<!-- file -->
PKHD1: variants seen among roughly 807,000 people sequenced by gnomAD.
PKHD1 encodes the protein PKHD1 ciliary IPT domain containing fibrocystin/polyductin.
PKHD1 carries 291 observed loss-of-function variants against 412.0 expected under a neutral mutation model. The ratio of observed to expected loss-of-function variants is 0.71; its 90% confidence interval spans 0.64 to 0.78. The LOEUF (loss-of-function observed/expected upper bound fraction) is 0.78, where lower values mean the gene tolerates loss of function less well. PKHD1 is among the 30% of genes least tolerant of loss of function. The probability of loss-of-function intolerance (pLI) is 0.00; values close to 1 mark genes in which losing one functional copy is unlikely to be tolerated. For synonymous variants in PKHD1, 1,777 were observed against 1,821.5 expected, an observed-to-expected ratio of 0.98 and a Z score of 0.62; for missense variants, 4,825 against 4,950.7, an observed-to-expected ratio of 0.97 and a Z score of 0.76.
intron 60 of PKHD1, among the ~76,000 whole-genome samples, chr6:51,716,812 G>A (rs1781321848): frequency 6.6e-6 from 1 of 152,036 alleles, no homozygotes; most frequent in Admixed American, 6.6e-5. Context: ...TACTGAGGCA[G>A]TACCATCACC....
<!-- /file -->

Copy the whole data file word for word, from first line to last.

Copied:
PKHD1: variants seen among roughly 807,000 people sequenced by gnomAD.
PKHD1 encodes the protein PKHD1 ciliary IPT domain containing fibrocystin/polyductin.
PKHD1 carries 291 observed loss-of-function variants against 412.0 expected under a neutral mutation model. The ratio of observed to expected loss-of-function variants is 0.71; its 90% confidence interval spans 0.64 to 0.78. The LOEUF (loss-of-function observed/expected upper bound fraction) is 0.78, where lower values mean the gene tolerates loss of function less well. PKHD1 is among the 30% of genes least tolerant of loss of function. The probability of loss-of-function intolerance (pLI) is 0.00; values close to 1 mark genes in which losing one functional copy is unlikely to be tolerated. For synonymous variants in PKHD1, 1,777 were observed against 1,821.5 expected, an observed-to-expected ratio of 0.98 and a Z score of 0.62; for missense variants, 4,825 against 4,950.7, an observed-to-expected ratio of 0.97 and a Z score of 0.76.
intron 60 of PKHD1, among the ~76,000 whole-genome samples, chr6:51,716,812 G>A (rs1781321848): frequency 6.6e-6 from 1 of 152,036 alleles, no homozygotes; most frequent in Admixed American, 6.6e-5. Context: ...TACTGAGGCA[G>A]TACCATCACC....